Delta continues to trim hubs; Memphis on the chopping block this summer


Looking to connect via Delta‘s hub in Memphis later this summer? That is going to be harder as the carrier is cutting 25 more flights from the daily schedule at the airport, dropping the total number of daily operations to about 125. The new service levels will be roughly half of what the combined Delta/Northwest numbers were immediately prior to the two carriers’ merger nearly four years ago.

The cuts aren’t much of a surprise as they are nearly all 50-seat regional jet, aircraft that Delta has been quite clear in the past few months that they are keen to retire from the fleet. And with Atlanta nearby the hub in Memphis was always a bit of a marginal operation in the merged carrier. Also not surprising is that the airport authority is now examining its budget to see what cuts they’ll have to make given lower income in the form of landing fees.

The fate of the Memphis hub seems to be running in parallel with that of the CVG hub, another operation which has seen significant cuts due in large part to another hub operation nearby which is a stronger option for the company (DTW in that case). Cuts at CVG in the past few years haven’t been quite as severe as at MEM, but they are still rather notable.

Good luck to the Delta passengers out there and to the folks in Memphis. Cuts like this generally mean higher fares and less convenient options. Unless some other airline takes advantage of the $1mm bounty the airport authority has out there for new service it seems like things are going to be rather dire for a while.

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Seth Miller

I'm Seth, also known as the Wandering Aramean. I was bit by the travel bug 30 years ago and there's no sign of a cure. I fly ~200,000 miles annually; these are my stories. You can connect with me on Twitter, Facebook, LinkedIn and .

12 Comments

  1. Actually, I’d hope that the demise of the MEM Hub for DL would also mean the end of DL’s MEM fortress hub pricing.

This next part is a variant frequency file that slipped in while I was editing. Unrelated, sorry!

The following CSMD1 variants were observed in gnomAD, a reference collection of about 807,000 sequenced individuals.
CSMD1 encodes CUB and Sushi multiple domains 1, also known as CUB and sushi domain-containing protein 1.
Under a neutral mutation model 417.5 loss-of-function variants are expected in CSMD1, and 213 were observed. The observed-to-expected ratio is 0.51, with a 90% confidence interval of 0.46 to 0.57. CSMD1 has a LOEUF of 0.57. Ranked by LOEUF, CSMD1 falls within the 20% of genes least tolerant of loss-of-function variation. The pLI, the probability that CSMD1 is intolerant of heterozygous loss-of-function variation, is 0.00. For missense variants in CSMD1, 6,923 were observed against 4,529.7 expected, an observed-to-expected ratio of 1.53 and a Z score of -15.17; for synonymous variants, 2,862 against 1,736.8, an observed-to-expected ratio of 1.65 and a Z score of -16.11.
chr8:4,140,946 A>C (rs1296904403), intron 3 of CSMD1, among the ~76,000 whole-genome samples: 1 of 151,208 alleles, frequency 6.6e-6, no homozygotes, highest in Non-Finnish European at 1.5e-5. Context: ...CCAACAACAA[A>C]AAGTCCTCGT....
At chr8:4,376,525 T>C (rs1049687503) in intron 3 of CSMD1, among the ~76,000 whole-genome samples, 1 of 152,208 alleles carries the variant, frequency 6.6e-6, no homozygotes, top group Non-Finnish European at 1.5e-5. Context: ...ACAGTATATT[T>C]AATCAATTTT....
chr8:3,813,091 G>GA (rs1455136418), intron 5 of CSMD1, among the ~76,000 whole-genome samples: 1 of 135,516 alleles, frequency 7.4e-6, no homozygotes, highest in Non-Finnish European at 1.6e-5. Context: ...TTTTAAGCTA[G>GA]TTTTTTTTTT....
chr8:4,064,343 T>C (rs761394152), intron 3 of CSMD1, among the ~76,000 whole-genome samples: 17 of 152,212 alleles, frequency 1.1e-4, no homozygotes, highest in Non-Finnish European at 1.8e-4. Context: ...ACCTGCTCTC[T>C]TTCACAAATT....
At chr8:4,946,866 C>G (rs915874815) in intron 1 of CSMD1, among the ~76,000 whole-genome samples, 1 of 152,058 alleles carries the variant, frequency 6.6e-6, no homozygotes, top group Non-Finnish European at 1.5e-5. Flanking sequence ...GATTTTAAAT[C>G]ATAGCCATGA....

A few years ago, it was common to see many Shelby County TN license plates in the parking lots at LIT and BNA because the difference in fares made up for the cost of the drive.

  2. CLE and DTW are both on the list. CO doesn’t need CLE, nor does DL need MSP/DTW. CVG was de-hubbed long before NW was on the scene…

  3. @NYBanker, interesting comment about DL not needing DTW/MSP and your prediction that DTW is next on the chopping block. DL seems more committed to DTW than MSP and I view MSP as DL’s version of UA’s DEN. MSP will not have a whole lot of international flights, but facilitates as key hub for connections from coast to coast.

    IMO, if DL is going to dehub MSP or DTW, I think MSP will be the one to go if SLC can handle a huge expansion to provide the necessary connections from coast to coast. Bottom line, I don’t think that will happen in this decade or maybe the next.

    I am curious what makes you think DTW will be dehubbed?

  4. @gb: No carrier needs two hubs in northern, snowy cities where o+d traffic isn’t alone enough to support the routes….that’s what makes me confident that one will go the way of CVG. As to between the two, if you had to pick a local economy to more closely tie yourself to, I’d certainly pick msp over dtw. Detroit has had negative cumulative population growth over the last 100 years….the only top-50 city in the US to be in such a club. I can picture that über-long terminal in dtw sitting largely unused….within ten years.

    Is there some aspect of dtw that you think makes it more compelling that msp economically for a carrier?

    @ryan: the difference between ORD-cle and cle-ewr is 80 miles. This is a trivial difference in terms of air travel.

  5. Delta will not dehub DTW as they are only second behind ATL in enplanements/deplanements for DL…

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